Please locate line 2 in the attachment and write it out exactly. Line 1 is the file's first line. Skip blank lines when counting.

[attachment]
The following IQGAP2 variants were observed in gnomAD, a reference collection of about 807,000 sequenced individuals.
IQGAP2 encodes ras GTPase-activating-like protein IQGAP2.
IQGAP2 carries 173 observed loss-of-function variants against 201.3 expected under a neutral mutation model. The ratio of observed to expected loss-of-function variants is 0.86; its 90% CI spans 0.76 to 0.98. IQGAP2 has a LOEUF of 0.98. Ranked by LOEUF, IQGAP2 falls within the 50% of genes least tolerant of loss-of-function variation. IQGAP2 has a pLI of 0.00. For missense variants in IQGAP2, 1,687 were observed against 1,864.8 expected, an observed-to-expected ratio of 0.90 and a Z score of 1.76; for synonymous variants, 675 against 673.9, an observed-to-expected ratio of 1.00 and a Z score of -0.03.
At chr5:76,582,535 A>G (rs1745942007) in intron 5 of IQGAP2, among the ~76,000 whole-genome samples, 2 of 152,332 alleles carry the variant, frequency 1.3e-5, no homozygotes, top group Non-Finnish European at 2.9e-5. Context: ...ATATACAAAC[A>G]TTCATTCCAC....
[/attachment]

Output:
IQGAP2 encodes ras GTPase-activating-like protein IQGAP2.